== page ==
The patient was subsequently initiated on trabectedin. Chemotherapy refractory LMS was shown in clinical trials to be especially sensitivity to trabectedin. In a phase III randomized controlled trial in patients receiving trabectedin after failure of one or more lines of conventional chemotherapy, patients with non-uterine LMS had a median progression-free survival of 4.9 months, which was significantly longer than in patients receiving dacarbazine in the comparator arm (HR = 0.58, 95% CI: 0.37–0.92) . Under trabectedin treatment, our patient showed a short period of partial remission followed by disease stabilization which lasted over a total of 10 months. Importantly, these additional months of disease stabilization represented a gain in quality time for the patient and her young child and family. Trabectedin was shown to have direct effects on tumor growth through transcription regulation, as well as effects on the tumor microenvironment through its selective activity on tumor-associated macrophages, inhibition of angiogenesis, reduction of inflammation, and modulation of stroma-mediated resistance to therapy . There is evidence from patient case reports in LMS that disease control well beyond the progression-free survival found in clinical trials can be achieved in selected patients. Skandera reported 19 months of disease control in a patient with advanced non-uterine LMS , and Haslbauer reported 22 months of disease stabilization in a patient with metastatic LMS of the inguinal region .
Upon progression from trabectedin, the patient received two more lines of palliative therapy, both using gemcitabine as a backbone as recommended by guidelines . However, the benefit of gemcitabine-based regimens has not yet been fully confirmed by comprehensive phase III trials . In a phase II study of gemcitabine plus dacarbazine, the median progression-free survival among patients receiving the combination was 4.2 months . Our patient progressed after 4 cycles (approximately 3 months) from gemcitabine plus dacarbazine. A phase II study of gemcitabine in combination with pazopanib showed a median progression-free survival of 4.1 months . Our patient discontinued this regimen due to intolerable toxicity. Thereafter, no further antineoplastic therapy was attempted and the patient received best supportive care.
This is a case of a chemorefractory patient who showed a response only to trabectedin. The presented patient was treated according to the guideline recommendations under consideration of the unresectable nature of the primary tumor as well as the metastases. In this palliative setting, the treatment strategy was to alleviate the tumor burden and prolong survival while preserving the best possible quality of life. Despite a rapid progression from docetaxel, the disease was stabilized for a prolonged period of 10 months using trabectedin. Trabectedin may thus represent a good second-line option for LMS especially in cases with clear non-response to the first-line chemotherapy and no druggable genetic profile for targeted therapy. Thereafter, the disease could not be further stabilized and the patient ultimately received best supportive care after a total of four lines of palliative treatment. This patient case adds to the growing number of reports indicating that in certain cases trabectedin may allow long-term disease control well beyond that shown in clinical trials.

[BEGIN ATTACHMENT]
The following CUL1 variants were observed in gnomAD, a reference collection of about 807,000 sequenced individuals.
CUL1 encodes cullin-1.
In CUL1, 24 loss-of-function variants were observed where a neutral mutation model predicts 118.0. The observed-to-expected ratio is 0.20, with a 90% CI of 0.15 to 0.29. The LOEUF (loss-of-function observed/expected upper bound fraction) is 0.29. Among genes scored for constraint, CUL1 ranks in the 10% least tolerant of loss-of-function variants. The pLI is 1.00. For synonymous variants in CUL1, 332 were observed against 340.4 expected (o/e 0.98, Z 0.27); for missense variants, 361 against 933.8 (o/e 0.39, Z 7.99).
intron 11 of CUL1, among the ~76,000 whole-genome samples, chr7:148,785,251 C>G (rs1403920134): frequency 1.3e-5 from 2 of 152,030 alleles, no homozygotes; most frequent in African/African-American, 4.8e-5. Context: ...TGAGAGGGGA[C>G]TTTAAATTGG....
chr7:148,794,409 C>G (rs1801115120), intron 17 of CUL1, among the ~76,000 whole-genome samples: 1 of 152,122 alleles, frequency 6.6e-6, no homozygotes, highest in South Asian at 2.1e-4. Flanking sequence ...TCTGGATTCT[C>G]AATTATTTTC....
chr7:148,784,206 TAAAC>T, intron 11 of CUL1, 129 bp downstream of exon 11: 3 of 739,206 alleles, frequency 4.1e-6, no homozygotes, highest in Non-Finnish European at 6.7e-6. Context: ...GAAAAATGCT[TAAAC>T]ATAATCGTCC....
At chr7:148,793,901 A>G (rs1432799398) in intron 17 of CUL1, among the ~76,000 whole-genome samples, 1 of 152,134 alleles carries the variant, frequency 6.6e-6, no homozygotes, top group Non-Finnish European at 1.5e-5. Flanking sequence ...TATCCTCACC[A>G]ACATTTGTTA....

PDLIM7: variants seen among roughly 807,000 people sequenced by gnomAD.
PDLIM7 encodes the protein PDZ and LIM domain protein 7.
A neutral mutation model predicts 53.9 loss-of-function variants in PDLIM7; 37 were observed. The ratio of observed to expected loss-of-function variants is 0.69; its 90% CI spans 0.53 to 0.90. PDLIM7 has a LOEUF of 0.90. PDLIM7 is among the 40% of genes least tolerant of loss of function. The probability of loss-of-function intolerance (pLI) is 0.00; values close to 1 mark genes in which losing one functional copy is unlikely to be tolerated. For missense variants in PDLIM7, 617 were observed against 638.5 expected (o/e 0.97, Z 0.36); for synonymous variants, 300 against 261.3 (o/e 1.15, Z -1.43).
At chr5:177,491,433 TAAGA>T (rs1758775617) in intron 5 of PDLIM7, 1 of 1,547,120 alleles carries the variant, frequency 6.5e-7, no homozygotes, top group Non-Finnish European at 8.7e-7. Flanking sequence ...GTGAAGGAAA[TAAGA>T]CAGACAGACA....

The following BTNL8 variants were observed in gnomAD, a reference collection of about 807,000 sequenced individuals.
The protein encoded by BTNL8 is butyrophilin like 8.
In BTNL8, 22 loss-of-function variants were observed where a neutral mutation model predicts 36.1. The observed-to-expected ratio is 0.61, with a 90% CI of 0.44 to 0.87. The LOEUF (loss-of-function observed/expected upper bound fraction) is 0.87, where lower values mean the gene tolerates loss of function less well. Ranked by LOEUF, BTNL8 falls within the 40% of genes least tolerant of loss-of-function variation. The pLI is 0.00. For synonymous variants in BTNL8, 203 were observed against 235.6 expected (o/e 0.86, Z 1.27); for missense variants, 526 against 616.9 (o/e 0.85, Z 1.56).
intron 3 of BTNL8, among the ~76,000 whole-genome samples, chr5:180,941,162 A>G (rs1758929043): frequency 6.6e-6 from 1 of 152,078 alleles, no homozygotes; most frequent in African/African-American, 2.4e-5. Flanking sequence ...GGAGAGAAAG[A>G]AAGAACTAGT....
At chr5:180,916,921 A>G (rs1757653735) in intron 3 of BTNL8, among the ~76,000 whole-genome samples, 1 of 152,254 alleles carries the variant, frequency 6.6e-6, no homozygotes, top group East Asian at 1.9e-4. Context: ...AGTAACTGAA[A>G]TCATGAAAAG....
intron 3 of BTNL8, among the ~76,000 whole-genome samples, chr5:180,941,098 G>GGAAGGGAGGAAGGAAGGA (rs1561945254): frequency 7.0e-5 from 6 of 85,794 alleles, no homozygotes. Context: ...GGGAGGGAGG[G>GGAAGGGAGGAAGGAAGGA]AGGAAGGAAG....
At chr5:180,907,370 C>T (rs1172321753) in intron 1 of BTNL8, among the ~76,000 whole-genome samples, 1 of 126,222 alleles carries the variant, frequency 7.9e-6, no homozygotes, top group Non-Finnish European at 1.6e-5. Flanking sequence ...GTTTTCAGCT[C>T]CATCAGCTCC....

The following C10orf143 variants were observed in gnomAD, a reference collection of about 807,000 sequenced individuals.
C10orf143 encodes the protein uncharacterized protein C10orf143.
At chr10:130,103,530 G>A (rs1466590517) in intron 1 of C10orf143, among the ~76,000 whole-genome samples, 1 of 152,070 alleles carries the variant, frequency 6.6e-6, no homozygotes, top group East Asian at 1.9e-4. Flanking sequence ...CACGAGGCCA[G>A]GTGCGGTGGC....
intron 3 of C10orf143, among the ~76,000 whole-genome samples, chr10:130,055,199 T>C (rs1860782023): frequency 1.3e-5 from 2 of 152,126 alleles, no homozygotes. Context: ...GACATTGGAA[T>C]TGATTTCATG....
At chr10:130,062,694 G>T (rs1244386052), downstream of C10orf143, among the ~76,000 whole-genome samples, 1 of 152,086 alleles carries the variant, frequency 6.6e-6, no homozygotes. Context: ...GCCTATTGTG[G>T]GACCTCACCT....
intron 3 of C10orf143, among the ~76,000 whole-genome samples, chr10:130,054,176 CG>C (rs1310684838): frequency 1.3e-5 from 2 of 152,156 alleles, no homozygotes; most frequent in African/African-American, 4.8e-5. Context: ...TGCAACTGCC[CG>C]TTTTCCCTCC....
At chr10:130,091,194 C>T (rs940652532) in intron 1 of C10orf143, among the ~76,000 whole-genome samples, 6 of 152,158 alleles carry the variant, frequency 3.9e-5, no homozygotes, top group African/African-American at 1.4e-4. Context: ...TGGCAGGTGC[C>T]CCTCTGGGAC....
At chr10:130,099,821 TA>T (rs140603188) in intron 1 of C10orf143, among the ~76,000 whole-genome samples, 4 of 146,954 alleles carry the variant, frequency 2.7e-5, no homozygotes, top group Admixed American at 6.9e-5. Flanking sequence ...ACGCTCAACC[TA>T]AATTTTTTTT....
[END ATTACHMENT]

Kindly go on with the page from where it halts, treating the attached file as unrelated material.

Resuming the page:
The author wishes to thank Dr. Margit Hemetsberger of Hemetsberger medical services, Vienna, Austria, for writing assistance with funding from PharmaMar, S.A. Madrid (Spain).
Statement of Ethics
Ethics approval is not required for this report of a patient treated in clinical practice according with national guidelines. Written informed consent was obtained from the patient for publication of this case report and any accompanying images. The CARE Checklist has been completed by the author for this case report, attached as online supplementary material (for all online suppl. material, see https://doi.org/10.1159/000533827).
Conflicts of Interest Statement
The author has no conflicts of interest to declare.
The author received funding from PharmaMar, S.A. Madrid (Spain) for this case report.
The author complies with the ICMJE criteria of authorship, has substantially contributed the acquisition and interpretation of data for the work; reviewed the work critically for important intellectual content; and provided final approval of the version to be published. The author agreed to be accountable for all aspects of the work in ensuring that questions related to the accuracy or integrity of any part of the work are appropriately investigated and resolved.
Data Availability Statement
This is a report of a patient treated in routine clinical practice and data not included in this article are protected by physician-patient privilege and subject to the patient’s consent to making it available. Further inquiries can be directed to the corresponding author.